Wednesday, June 08, 2005

Undocumented Worker Pays Price for Immigration Policy

Teresa Figueroa still has the laminated posters from the two times she was named employee of the month at Micron Industries in Elmhurst. In the center of each poster is a photo of a smiling Figueroa being congratulated by Micron President Don Clark for her exemplary work gluing together electrical transformers on an assembly line.

Figueroa proudly showed me the awards Friday in the living room of the Melrose Park home she and her husband bought three years ago for $184,000. A Sharp color TV stands against one wall of the room, a shelf of DVDs below, a Compaq computer in one corner and an aquarium in the other, a typical American home in most every respect.

But the 50-year-old mother of four sitting before me in a pink sweatsuit and flower-print blouse, offering me cookies and telling me she's sleepy from staying up late to watch the pope's funeral, has another distinction earned from her 2-1/2-year tenure at Micron. She's a convicted felon awaiting probable deportation.

The employee of the month posters help explain that, too. Instead of naming Figueroa, the posters give the recognition to Lucia Peraida -- the name on the false identification documents that Figueroa, a Mexican immigrant, presented to obtain her job.

Two years ago, the real Lucia Peraida complained to Elmhurst Police that somebody at Micron was using her name and Social Security number. Peraida, of Chicago, had learned this when the Internal Revenue Service accused her of failing to report income from Micron that left her with a $3,566 tax liability.

An Elmhurst detective went to the factory and confronted Figueroa, who confessed on the spot. She told him she had purchased a Social Security card and resident alien card for $200 from a guy named Alfredo who she met at a temporary employment agency in Melrose Park.

Convicted of ID theft

Figueroa, who came here in 1999 on a tourist visa that has since expired, says she was assured by a supervisor at Micron that her false identity wouldn't be a problem. The supervisor knew her real name, she says, because her son and a close family friend were already working there. The company denies it.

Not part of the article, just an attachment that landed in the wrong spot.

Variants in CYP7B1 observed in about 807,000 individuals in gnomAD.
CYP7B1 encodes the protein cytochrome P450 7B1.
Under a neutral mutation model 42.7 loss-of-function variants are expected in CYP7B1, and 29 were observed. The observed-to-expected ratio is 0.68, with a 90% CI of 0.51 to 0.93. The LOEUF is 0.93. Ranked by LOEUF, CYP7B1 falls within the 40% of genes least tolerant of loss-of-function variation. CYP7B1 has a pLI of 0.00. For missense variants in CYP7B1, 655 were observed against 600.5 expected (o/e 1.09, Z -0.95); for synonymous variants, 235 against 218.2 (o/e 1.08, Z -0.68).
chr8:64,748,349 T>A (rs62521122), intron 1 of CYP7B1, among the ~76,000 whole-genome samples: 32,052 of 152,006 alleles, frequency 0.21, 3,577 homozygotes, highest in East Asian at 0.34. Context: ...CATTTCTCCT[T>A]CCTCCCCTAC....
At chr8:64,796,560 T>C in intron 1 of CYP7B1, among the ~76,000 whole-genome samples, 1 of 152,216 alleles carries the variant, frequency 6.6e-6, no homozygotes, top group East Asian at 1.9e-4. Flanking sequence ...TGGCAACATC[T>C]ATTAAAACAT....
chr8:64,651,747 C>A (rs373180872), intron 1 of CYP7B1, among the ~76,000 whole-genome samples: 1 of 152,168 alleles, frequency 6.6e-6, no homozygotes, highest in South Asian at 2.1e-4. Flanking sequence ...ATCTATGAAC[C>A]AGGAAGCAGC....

While it's difficult to believe Figueroa didn't know she was breaking the law, the part that rings true is that she didn't know it would be much of a problem, such false employment documents being commonplace and resulting so rarely in criminal prosecution. She says most Micron employees share her undocumented status.

But with a complaining victim, Figueroa was in big trouble.

DuPage County prosecuted her for financial identity theft and using fraudulent ID cards. A jury convicted her in August, and a judge sentenced her to 90 days in the DuPage County Jail. She served 45 days, then spent another two weeks in an immigration holding cell awaiting deportation before her family could post bond.

Figueroa might already be back in Mexico -- or still in jail -- if not for the Rev. Claudio Holzer, priest at St. Charles Borromeo Catholic Church in Melrose Park, where Figueroa has been an active parishioner since coming here from Tilzapotla, Mexico.

Support from the Church

Figueroa teaches a catechism class for teenagers and runs a seniors group at the church, where Holzer said half the 2,000 parishioners who attend Sunday service are without proper documents. Holzer enlisted parishioners to attend Figueroa's trial to show support and asked the Illinois Coalition of Immigrant and Refugee Rights, on whose board he serves, to take up her long-shot cause.

The coalition is trying to find a member of Congress to sponsor a private immigration bill to allow her to remain here. Figueroa could be ordered deported as early as April 29, when she next goes before an immigration judge.

Figueroa originally came here to join her husband, who entered the country two years earlier (also illegally) and took a job as a landscape worker. She later snuck their four children across the Texas border through El Paso. Their oldest son is now married. Another son attends junior college, while two daughters are high school honor students.

Figueroa's crime is not insignificant. I would not want anyone complicating my life by appropriating my Social Security number.

Yet, at the same time, I can't help but think that we contributed to Figueroa's entering this life of crime -- a life now being led by perhaps 10 million undocumented workers in America -- by our national failure to come up with sensible, comprehensive immigration policies that recognize the economic and social realities.

The New York Times reported last week that illegal immigrants workers are providing a subsidy of up to $7 billion a year to our Social Security system -- money they are paying in through false Social Security numbers for which they will never receive benefits, just one measure of how such "criminals" contribute to our society.

Teresa Figueroa would have made a good American, if only we had given her a chance.

Column by Mark Brown of the Sun-Times supporting comprehensive immigration reform.


At 12:36 PM, Anonymous Anonymous said...

So does anyone know what happened in this case? Does she still need the support of the Latino/a and community at large?


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